Understanding prostate cancer: signs and symptoms

Recognising the symptoms of prostate cancer is vitally important. Consultant Urological Surgeon, Mr Jeetesh Bhardwa from BMI Bishops Wood Hospital, wants to see more men visiting their GP for a simple blood test and examination. Here's his advice.

Man listening to people

For the first time in the UK, the number of men dying from prostate cancer has overtaken the number of female deaths from breast cancer. It is now the third most common cancer to die from, after lung cancer and bowel cancer1.

Early detection can help to save lives. Take the test, whatever month it is.

What are the symptoms of prostate cancer?

Unfortunately, prostate cancer can be symptomless, so you may be unaware of the initial signs. In fact, symptoms may not be noticeable until your prostate has enlarged and starts putting pressure on your urethra.

Symptoms of prostate cancer can include:

  • Needing to urinate more often, such as throughout the night
  • Having to rush suddenly to the toilet
  • Feeling like your bladder hasn't completely emptied
  • Struggling to start urinating
  • Straining when you urinate or taking a long time
  • A weak flow of urine

If you experience any of these symptoms, it does not necessarily mean you have prostate cancer. It could be that you simply have prostate enlargement, which is not a cancer, but a condition that is particularly common as men grow older.

What is prostate cancer?

The prostate is a gland which sits between the penis and the bladder, surrounding the urethra (the tube that carries urine from your bladder to your penis). Cancer in this area generally develops at a slow rate, so some men may not know that they have it2.

The exact cause of prostate cancer is not known, but men become more susceptible once over the age of 50.

If you’ve had a vasectomy, have a family history of prostate cancer, or have been previously diagnosed with other cancers, you are also at a higher risk compared to those without this medical history.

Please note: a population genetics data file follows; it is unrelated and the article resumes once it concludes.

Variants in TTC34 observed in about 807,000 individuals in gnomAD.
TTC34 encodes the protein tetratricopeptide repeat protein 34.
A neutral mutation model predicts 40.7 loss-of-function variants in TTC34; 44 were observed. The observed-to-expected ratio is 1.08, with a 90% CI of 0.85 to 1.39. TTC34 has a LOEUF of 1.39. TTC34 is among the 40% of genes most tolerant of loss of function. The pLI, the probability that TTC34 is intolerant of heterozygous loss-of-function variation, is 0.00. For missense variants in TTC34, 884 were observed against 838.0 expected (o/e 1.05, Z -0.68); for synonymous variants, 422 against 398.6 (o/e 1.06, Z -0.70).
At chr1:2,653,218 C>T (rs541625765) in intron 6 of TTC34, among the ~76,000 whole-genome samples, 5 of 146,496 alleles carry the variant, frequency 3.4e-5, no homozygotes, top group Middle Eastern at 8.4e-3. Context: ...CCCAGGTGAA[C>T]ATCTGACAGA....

Research has shown that ethnicity can also make a man more susceptible to prostate cancer, for instance, prostate cancer is more common in black-African men than white men3.

If the cancer has spread, you may experience other symptoms alongside those listed above. These include bone and back pain, loss of appetite, painful testicles, and weight loss that you cannot explain. It's important to get checked by your doctor if you have any of these symptoms, or if you have general concerns about your health.

How is prostate cancer diagnosed?

Seeing your doctor for a prostate cancer test is simple and straightforward. The most common test for prostate cancer is usually a blood test and an examination. It is a regular practice for your doctor, so there is no need to feel embarrassed or shy.

The steps to getting a diagnosis
  • The PSA blood test is a simple test which looks for a specific protein in your blood. This test is only an indicator of potential problems with the prostate, and does not necessarily mean you have cancer.
  • Your doctor is likely to also carry out a digital examination, which involves your doctor feeling inside the back passage. It usually takes less than a minute, is relatively painless and could save your life.
  • Prostate mapping is a form of biopsy that uses MRI imaging techniques. Prostate mapping is carried out by a Consultant Urologist, and gives them a more detailed image of the prostate, allowing them to take more targeted biopsies than in a typical ultrasound biopsy, thereby increasing the chances of making an accurate diagnosis.
  • Even newer MRI scanning techniques, known as MRI Ultrasound Fusion guided biopsy, can help Consultant Urologists identify nearly 90% of patients with high risk prostate cancer that need treatment and those that don’t need any further investigations4. This is known colloquially as ‘The Mannogram’, and is offered at selected BMI hospitals.


Can prostate cancer be treated?

There are now a range of options available for treating and managing prostate cancer. These include regular testing and monitoring of prostate cancer that hasn’t spread (known as active surveillance), focal treatments, which target only the tumour and not the surrounding prostate treatment, surgery and medication.

Side effects of prostate treatment

Side effects of treatment vary from person to person, but can include:

  • Erectile dysfunction
  • Problems when urinating
  • Extreme tiredness
  • Changes to your sex drive

If you are experiencing any signs or symptoms of prostate cancer, or have any worries concerns at all, it’s a good idea to make an appointment with your GP for an examination.

To find out more call us on 0808 101 0337
or make an online enquiry.

Sources
https://www.cancerresearchuk.org/health-professional/cancer-statistics/mortality/common-cancers-compared#ref- 
2 https://www.nhs.uk/conditions/Cancer-of-the-prostate/Pages/Introduction.aspx 
3 https://www.ncbi.nlm.nih.gov/pmc/articles/PMC3170971/
4 https://www.sciencedirect.com/science/article/pii/S228788821500063X

 

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